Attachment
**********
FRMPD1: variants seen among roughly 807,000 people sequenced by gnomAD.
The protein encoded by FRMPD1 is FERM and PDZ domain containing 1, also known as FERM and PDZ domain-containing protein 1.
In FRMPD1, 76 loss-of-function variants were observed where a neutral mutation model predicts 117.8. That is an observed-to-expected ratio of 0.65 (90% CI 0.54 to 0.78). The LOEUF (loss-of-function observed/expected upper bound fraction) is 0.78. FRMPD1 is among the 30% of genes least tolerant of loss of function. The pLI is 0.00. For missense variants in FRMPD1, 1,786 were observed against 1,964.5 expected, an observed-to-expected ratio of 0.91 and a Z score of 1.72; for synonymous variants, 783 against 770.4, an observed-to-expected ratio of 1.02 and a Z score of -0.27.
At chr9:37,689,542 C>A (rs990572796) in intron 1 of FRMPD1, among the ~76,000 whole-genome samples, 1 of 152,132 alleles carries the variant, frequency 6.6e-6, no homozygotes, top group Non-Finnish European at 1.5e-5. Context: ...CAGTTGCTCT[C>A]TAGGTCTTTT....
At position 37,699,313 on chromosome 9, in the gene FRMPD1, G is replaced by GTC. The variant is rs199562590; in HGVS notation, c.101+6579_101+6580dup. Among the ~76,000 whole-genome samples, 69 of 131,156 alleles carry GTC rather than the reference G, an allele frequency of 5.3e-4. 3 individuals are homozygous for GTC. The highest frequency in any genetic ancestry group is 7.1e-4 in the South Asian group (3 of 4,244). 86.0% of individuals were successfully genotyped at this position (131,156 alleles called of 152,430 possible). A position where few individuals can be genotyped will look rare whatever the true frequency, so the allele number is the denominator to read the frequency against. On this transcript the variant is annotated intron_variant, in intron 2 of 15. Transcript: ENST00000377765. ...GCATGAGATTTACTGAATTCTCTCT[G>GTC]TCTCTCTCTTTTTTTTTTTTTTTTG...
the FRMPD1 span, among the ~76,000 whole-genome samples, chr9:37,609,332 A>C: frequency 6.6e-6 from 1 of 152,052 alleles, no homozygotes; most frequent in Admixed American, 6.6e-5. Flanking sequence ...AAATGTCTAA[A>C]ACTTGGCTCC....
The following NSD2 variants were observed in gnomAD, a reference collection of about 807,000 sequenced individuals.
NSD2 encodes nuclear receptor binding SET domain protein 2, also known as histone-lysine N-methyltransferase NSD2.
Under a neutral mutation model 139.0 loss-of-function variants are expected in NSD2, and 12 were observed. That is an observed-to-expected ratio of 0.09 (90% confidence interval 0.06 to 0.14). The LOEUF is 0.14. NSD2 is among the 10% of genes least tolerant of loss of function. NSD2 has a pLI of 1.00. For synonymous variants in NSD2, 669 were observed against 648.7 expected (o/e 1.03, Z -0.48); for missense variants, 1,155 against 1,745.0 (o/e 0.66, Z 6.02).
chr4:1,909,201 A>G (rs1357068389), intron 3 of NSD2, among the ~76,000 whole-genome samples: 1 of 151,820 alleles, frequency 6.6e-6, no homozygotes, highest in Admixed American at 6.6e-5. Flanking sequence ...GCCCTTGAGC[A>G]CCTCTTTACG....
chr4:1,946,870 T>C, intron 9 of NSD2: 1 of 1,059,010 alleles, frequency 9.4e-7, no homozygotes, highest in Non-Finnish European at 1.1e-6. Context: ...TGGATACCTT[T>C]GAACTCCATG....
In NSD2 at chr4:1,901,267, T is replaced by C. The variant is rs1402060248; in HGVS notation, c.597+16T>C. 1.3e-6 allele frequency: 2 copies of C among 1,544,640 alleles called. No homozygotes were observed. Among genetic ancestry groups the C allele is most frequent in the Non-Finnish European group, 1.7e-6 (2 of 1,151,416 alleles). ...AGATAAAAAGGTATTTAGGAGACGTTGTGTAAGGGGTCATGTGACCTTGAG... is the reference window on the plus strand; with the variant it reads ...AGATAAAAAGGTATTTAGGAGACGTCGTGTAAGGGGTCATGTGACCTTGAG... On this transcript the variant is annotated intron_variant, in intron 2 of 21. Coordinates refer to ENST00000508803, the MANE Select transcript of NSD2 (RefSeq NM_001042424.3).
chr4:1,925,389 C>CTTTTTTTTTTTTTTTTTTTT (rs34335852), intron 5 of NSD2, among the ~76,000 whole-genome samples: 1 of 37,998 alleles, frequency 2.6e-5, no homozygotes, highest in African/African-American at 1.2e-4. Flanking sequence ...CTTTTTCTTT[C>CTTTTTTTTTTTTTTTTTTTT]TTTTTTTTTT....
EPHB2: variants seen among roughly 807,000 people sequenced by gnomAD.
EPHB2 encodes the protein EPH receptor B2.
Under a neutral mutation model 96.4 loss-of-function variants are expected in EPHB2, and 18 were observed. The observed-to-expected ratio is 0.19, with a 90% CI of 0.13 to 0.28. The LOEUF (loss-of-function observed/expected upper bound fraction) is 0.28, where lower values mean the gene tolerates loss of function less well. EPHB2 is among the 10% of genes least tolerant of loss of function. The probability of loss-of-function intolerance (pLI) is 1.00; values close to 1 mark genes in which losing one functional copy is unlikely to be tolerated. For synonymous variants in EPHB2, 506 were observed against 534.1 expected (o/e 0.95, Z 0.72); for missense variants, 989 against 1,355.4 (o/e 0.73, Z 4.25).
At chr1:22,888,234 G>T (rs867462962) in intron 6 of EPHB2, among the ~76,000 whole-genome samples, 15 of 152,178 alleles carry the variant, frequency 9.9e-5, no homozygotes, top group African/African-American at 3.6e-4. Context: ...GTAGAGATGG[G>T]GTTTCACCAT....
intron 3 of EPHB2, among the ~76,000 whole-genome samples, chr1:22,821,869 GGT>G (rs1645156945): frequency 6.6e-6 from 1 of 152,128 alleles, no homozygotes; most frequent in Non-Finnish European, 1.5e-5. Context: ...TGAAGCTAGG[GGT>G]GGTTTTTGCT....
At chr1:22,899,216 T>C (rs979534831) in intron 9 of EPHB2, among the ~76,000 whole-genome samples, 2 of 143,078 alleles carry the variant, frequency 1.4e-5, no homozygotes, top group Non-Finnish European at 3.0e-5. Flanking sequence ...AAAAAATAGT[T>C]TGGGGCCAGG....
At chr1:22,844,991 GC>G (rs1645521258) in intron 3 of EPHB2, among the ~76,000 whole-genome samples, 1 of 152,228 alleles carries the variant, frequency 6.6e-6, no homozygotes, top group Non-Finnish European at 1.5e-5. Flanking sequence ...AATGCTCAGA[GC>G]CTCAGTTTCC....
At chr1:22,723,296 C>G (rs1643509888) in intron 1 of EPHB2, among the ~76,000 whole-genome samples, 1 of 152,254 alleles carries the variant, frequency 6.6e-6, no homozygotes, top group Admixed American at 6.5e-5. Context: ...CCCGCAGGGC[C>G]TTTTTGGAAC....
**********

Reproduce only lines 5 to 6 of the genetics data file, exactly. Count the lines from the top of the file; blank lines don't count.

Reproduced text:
At position 37,699,313 on chromosome 9, in the gene FRMPD1, G is replaced by GTC. The variant is rs199562590; in HGVS notation, c.101+6579_101+6580dup. Among the ~76,000 whole-genome samples, 69 of 131,156 alleles carry GTC rather than the reference G, an allele frequency of 5.3e-4. 3 individuals are homozygous for GTC. The highest frequency in any genetic ancestry group is 7.1e-4 in the South Asian group (3 of 4,244). 86.0% of individuals were successfully genotyped at this position (131,156 alleles called of 152,430 possible). A position where few individuals can be genotyped will look rare whatever the true frequency, so the allele number is the denominator to read the frequency against. On this transcript the variant is annotated intron_variant, in intron 2 of 15. Transcript: ENST00000377765. ...GCATGAGATTTACTGAATTCTCTCT[G>GTC]TCTCTCTCTTTTTTTTTTTTTTTTG...
the FRMPD1 span, among the ~76,000 whole-genome samples, chr9:37,609,332 A>C: frequency 6.6e-6 from 1 of 152,052 alleles, no homozygotes; most frequent in Admixed American, 6.6e-5. Flanking sequence ...AAATGTCTAA[A>C]ACTTGGCTCC....